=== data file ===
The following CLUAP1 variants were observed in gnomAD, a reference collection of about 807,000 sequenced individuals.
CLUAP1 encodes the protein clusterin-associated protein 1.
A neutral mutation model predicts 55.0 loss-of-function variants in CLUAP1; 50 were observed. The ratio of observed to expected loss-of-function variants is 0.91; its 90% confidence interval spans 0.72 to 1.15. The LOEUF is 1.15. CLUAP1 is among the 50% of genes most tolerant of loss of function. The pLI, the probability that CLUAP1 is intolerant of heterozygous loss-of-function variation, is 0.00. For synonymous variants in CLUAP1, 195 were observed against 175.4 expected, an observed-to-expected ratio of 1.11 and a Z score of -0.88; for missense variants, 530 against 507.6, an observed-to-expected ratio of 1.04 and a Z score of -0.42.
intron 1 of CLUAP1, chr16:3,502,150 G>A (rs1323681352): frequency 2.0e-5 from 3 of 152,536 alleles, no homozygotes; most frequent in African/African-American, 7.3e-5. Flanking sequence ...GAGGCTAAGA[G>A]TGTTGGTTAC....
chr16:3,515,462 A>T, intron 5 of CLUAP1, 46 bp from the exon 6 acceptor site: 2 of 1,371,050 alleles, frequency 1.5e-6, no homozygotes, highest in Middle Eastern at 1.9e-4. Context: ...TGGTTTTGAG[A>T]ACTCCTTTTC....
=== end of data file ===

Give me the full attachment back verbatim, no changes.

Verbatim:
The following CLUAP1 variants were observed in gnomAD, a reference collection of about 807,000 sequenced individuals.
CLUAP1 encodes the protein clusterin-associated protein 1.
A neutral mutation model predicts 55.0 loss-of-function variants in CLUAP1; 50 were observed. The ratio of observed to expected loss-of-function variants is 0.91; its 90% confidence interval spans 0.72 to 1.15. The LOEUF is 1.15. CLUAP1 is among the 50% of genes most tolerant of loss of function. The pLI, the probability that CLUAP1 is intolerant of heterozygous loss-of-function variation, is 0.00. For synonymous variants in CLUAP1, 195 were observed against 175.4 expected, an observed-to-expected ratio of 1.11 and a Z score of -0.88; for missense variants, 530 against 507.6, an observed-to-expected ratio of 1.04 and a Z score of -0.42.
intron 1 of CLUAP1, chr16:3,502,150 G>A (rs1323681352): frequency 2.0e-5 from 3 of 152,536 alleles, no homozygotes; most frequent in African/African-American, 7.3e-5. Flanking sequence ...GAGGCTAAGA[G>A]TGTTGGTTAC....
chr16:3,515,462 A>T, intron 5 of CLUAP1, 46 bp from the exon 6 acceptor site: 2 of 1,371,050 alleles, frequency 1.5e-6, no homozygotes, highest in Middle Eastern at 1.9e-4. Context: ...TGGTTTTGAG[A>T]ACTCCTTTTC....